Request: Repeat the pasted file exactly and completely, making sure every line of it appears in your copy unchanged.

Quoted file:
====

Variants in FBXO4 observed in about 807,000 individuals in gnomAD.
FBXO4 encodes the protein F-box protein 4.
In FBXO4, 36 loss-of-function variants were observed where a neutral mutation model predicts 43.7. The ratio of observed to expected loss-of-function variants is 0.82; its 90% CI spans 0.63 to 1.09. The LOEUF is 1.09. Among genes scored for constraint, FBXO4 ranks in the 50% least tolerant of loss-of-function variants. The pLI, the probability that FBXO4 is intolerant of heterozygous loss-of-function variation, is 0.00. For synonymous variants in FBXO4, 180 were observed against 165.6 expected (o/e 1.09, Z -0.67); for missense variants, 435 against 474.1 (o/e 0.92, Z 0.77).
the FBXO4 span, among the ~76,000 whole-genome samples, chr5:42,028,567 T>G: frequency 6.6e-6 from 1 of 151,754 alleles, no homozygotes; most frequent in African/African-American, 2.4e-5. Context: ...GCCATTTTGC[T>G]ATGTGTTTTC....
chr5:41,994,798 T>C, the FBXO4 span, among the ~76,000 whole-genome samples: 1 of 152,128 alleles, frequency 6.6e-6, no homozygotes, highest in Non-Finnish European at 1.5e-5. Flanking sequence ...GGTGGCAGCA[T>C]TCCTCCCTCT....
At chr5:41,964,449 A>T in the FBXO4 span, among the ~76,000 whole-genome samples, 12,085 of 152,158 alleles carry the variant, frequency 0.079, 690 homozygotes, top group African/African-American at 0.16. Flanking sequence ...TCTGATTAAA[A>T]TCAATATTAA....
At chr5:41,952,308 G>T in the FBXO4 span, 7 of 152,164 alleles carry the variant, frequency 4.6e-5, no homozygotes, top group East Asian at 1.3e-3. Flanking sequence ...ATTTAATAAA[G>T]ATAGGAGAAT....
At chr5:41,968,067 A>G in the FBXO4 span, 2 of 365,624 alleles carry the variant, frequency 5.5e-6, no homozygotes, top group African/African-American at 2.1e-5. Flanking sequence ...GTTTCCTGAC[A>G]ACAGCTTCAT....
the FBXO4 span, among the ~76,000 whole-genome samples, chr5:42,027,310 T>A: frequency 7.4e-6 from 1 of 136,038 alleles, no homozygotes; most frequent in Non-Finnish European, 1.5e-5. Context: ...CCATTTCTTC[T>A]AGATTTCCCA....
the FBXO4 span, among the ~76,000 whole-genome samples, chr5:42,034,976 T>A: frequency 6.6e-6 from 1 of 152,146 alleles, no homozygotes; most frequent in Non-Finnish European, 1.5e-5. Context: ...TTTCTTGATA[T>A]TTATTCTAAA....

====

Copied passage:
Variants in FBXO4 observed in about 807,000 individuals in gnomAD.
FBXO4 encodes the protein F-box protein 4.
In FBXO4, 36 loss-of-function variants were observed where a neutral mutation model predicts 43.7. The ratio of observed to expected loss-of-function variants is 0.82; its 90% CI spans 0.63 to 1.09. The LOEUF is 1.09. Among genes scored for constraint, FBXO4 ranks in the 50% least tolerant of loss-of-function variants. The pLI, the probability that FBXO4 is intolerant of heterozygous loss-of-function variation, is 0.00. For synonymous variants in FBXO4, 180 were observed against 165.6 expected (o/e 1.09, Z -0.67); for missense variants, 435 against 474.1 (o/e 0.92, Z 0.77).
the FBXO4 span, among the ~76,000 whole-genome samples, chr5:42,028,567 T>G: frequency 6.6e-6 from 1 of 151,754 alleles, no homozygotes; most frequent in African/African-American, 2.4e-5. Context: ...GCCATTTTGC[T>G]ATGTGTTTTC....
chr5:41,994,798 T>C, the FBXO4 span, among the ~76,000 whole-genome samples: 1 of 152,128 alleles, frequency 6.6e-6, no homozygotes, highest in Non-Finnish European at 1.5e-5. Flanking sequence ...GGTGGCAGCA[T>C]TCCTCCCTCT....
At chr5:41,964,449 A>T in the FBXO4 span, among the ~76,000 whole-genome samples, 12,085 of 152,158 alleles carry the variant, frequency 0.079, 690 homozygotes, top group African/African-American at 0.16. Flanking sequence ...TCTGATTAAA[A>T]TCAATATTAA....
At chr5:41,952,308 G>T in the FBXO4 span, 7 of 152,164 alleles carry the variant, frequency 4.6e-5, no homozygotes, top group East Asian at 1.3e-3. Flanking sequence ...ATTTAATAAA[G>T]ATAGGAGAAT....
At chr5:41,968,067 A>G in the FBXO4 span, 2 of 365,624 alleles carry the variant, frequency 5.5e-6, no homozygotes, top group African/African-American at 2.1e-5. Flanking sequence ...GTTTCCTGAC[A>G]ACAGCTTCAT....
the FBXO4 span, among the ~76,000 whole-genome samples, chr5:42,027,310 T>A: frequency 7.4e-6 from 1 of 136,038 alleles, no homozygotes; most frequent in Non-Finnish European, 1.5e-5. Context: ...CCATTTCTTC[T>A]AGATTTCCCA....
the FBXO4 span, among the ~76,000 whole-genome samples, chr5:42,034,976 T>A: frequency 6.6e-6 from 1 of 152,146 alleles, no homozygotes; most frequent in Non-Finnish European, 1.5e-5. Context: ...TTTCTTGATA[T>A]TTATTCTAAA....